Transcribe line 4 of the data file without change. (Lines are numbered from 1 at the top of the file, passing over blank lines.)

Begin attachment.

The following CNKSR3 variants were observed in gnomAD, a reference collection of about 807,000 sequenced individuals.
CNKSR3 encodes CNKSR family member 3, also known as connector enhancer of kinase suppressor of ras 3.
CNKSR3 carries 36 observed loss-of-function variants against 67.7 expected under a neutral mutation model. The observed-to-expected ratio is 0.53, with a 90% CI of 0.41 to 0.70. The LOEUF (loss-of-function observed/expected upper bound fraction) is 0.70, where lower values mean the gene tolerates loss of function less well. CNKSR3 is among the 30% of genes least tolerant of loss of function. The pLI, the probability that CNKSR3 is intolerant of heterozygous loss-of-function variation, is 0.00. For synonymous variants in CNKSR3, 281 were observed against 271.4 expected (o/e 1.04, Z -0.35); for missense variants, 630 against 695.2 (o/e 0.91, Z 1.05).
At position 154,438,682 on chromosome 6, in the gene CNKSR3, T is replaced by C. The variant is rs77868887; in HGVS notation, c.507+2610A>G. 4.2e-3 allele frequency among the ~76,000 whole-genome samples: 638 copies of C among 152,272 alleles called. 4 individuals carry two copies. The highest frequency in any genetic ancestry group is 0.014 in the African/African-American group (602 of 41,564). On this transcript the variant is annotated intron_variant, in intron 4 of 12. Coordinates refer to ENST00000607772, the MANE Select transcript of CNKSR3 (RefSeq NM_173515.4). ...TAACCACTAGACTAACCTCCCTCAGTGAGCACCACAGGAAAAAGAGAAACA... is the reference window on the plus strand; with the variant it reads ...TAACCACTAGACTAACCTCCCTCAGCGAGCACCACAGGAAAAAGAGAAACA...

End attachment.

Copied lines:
At position 154,438,682 on chromosome 6, in the gene CNKSR3, T is replaced by C. The variant is rs77868887; in HGVS notation, c.507+2610A>G. 4.2e-3 allele frequency among the ~76,000 whole-genome samples: 638 copies of C among 152,272 alleles called. 4 individuals carry two copies. The highest frequency in any genetic ancestry group is 0.014 in the African/African-American group (602 of 41,564). On this transcript the variant is annotated intron_variant, in intron 4 of 12. Coordinates refer to ENST00000607772, the MANE Select transcript of CNKSR3 (RefSeq NM_173515.4). ...TAACCACTAGACTAACCTCCCTCAGTGAGCACCACAGGAAAAAGAGAAACA... is the reference window on the plus strand; with the variant it reads ...TAACCACTAGACTAACCTCCCTCAGCGAGCACCACAGGAAAAAGAGAAACA...